Vailima Letters

Page 25

The effect of pictures in this place is surprising. They give great pleasure.


A word more. I had my breakfast this morning at 4.30! My new cook has beaten me and (as Lloyd says) revenged all the cooks in the world. I have been hunting them to give me breakfast early since I was twenty; and now here comes Mr. Ratke, and I have to plead for mercy. I cannot stand 4.30; I am a mere fevered wreck; it is now half-past eight, and I can no more, and four hours divide me from lunch, the devil take the man! Yesterday it was about 5.30, which I can stand; day before 5, which is bad enough; to-day, I give out. It is like a London season, and as I do not take a siesta once in a month, and then only five minutes, I am being worn to the bones, and look aged and anxious.

We have Rider Haggard's brother here as a Land Commissioner; a nice kind of a fellow; indeed, all the three Land Commissioners are very agreeable.


SUNDAY, SEPT. 5 (?), 1891.

MY DEAR COLVIN, - Yours from Lochinver has just come. You ask me if I am ever homesick for the Highlands and the Isles. Conceive that for the last month I have been living there between 1786 and 1850, in my grandfather's diaries and letters. I HAD to take a rest; no use talking; so I put in a month over my LIVES OF THE STEVENSONS with great pleasure and profit and some advance; one chapter and a part drafted. The whole promises well Chapter I. Domestic Annals. Chapter II. The Northern Lights. Chapter III. The Bell Rock. Chapter IV. A Family of Boys. Chap. V. The Grandfather. VI. Alan Stevenson. VII. Thomas Stevenson. My materials for my great-grandfather are almost null; for my grandfather copious and excellent. Name, a puzzle. A SCOTTISH FAMILY, A FAMILY OF ENGINEERS, NORTHERN LIGHTS, THE ENGINEERS OF THE NORTHERN LIGHTS: A FAMILY HISTORY. Advise; but it will take long. Now, imagine if I have been homesick for Barrahead and Island Glass, and Kirkwall, and Cape Wrath, and the Wells of the Pentland Firth; I could have wept.

Now for politics. I am much less alarmed; I believe the MALO (=RAJ, government) will collapse and cease like an overlain infant, without a shot fired. They have now been months here on their big salaries - and Cedarcrantz, whom I specially like as a man, has done nearly nothing, and the Baron, who is well-meaning, has done worse. They have these large salaries, and they have all the taxes; they have made scarce a foot of road; they have not given a single native a position - all to white men; they have scarce laid out a penny on Apia, and scarce a penny on the King; they have forgot they were in Samoa, or that such a thing as Samoans existed, and had eyes and some intelligence. The Chief Justice has refused to pay his customs! The President proposed to have an expensive house built for himself, while the King, his master, has none! I had stood aside, and been a loyal, and, above all, a silent subject, up to then; but now I snap my fingers at their MALO. It is damned, and I'm damned glad of it. And this is not all. Last 'WAINIU,' when I sent Fanny off to Fiji, I hear the wonderful news that the Chief Justice is going to Fiji and the Colonies to improve his mind. I showed my way of thought to his guest, Count Wachtmeister, whom I have sent to you with a letter - he will tell you all the news. Well, the Chief Justice stayed, but they said he was to leave yesterday. I had intended to go down, and see and warn him! But the President's house had come up in the meanwhile, and I let them go to their doom, which I am only anxious to see swiftly and (if it may be) bloodlessly fall.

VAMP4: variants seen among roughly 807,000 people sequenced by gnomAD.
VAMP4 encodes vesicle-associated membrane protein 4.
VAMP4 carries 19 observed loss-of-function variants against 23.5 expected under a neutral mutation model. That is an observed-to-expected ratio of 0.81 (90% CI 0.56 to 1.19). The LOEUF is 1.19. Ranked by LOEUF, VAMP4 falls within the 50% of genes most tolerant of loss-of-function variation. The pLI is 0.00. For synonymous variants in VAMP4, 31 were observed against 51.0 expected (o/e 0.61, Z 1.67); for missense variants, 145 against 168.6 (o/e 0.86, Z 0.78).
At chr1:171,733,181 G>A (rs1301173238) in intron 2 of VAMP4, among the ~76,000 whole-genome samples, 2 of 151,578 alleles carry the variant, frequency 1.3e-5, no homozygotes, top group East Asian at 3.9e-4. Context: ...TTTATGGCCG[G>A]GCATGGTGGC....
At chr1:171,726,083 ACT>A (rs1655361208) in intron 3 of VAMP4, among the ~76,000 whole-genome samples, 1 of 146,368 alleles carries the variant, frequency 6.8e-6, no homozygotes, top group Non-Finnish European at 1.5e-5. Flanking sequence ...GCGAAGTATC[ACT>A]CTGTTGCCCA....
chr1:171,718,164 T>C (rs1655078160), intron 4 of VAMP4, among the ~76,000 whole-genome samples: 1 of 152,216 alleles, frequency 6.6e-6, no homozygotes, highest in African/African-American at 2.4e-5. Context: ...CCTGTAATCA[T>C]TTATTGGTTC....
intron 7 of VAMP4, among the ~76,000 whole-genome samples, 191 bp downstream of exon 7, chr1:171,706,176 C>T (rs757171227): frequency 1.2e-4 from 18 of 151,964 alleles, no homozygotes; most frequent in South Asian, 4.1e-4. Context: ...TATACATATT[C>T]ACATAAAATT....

Thus I have in a way withdrawn my unrewarded loyalty. Lloyd is down to-day with Moors to call on Mataafa; the news of the excursion made a considerable row in Apia, and both the German and the English consuls besought Lloyd not to go. But he stuck to his purpose, and with my approval. It's a poor thing if people are to give up a pleasure party for a MALO that has never done anything for us but draw taxes, and is going to go pop, and leave us at the mercy of the identical Mataafa, whom I have not visited for more than a year, and who is probably furious.

Robert Louis Stevenson
Classic Literature Library

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